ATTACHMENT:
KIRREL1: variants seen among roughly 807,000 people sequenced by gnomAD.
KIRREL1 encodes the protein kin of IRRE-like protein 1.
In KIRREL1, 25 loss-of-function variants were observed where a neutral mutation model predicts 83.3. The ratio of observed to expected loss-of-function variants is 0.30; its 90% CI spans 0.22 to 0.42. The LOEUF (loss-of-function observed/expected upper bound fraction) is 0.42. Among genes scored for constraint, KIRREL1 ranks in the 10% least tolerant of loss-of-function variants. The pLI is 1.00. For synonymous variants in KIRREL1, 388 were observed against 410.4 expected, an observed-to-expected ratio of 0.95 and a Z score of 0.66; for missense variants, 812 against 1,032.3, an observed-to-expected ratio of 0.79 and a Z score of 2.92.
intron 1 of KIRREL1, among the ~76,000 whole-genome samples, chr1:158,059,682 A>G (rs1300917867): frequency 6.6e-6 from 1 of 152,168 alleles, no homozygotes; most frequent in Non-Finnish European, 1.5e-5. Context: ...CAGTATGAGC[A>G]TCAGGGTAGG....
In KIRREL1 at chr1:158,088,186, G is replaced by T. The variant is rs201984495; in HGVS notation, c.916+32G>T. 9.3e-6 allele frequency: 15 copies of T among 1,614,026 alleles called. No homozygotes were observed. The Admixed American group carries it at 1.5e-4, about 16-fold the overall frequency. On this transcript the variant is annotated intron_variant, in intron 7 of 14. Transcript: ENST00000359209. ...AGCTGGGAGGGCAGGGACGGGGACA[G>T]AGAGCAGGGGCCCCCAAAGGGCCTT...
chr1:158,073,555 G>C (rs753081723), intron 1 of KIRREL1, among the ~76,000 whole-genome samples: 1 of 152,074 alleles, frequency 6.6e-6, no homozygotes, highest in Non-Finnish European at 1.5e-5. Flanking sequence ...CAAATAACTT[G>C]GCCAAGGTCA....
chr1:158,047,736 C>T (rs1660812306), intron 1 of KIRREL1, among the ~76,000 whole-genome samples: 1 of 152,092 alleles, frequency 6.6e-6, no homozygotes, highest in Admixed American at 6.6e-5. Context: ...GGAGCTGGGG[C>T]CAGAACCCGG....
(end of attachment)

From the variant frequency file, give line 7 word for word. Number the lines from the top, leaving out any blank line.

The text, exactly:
chr1:158,047,736 C>T (rs1660812306), intron 1 of KIRREL1, among the ~76,000 whole-genome samples: 1 of 152,092 alleles, frequency 6.6e-6, no homozygotes, highest in Admixed American at 6.6e-5. Context: ...GGAGCTGGGG[C>T]CAGAACCCGG....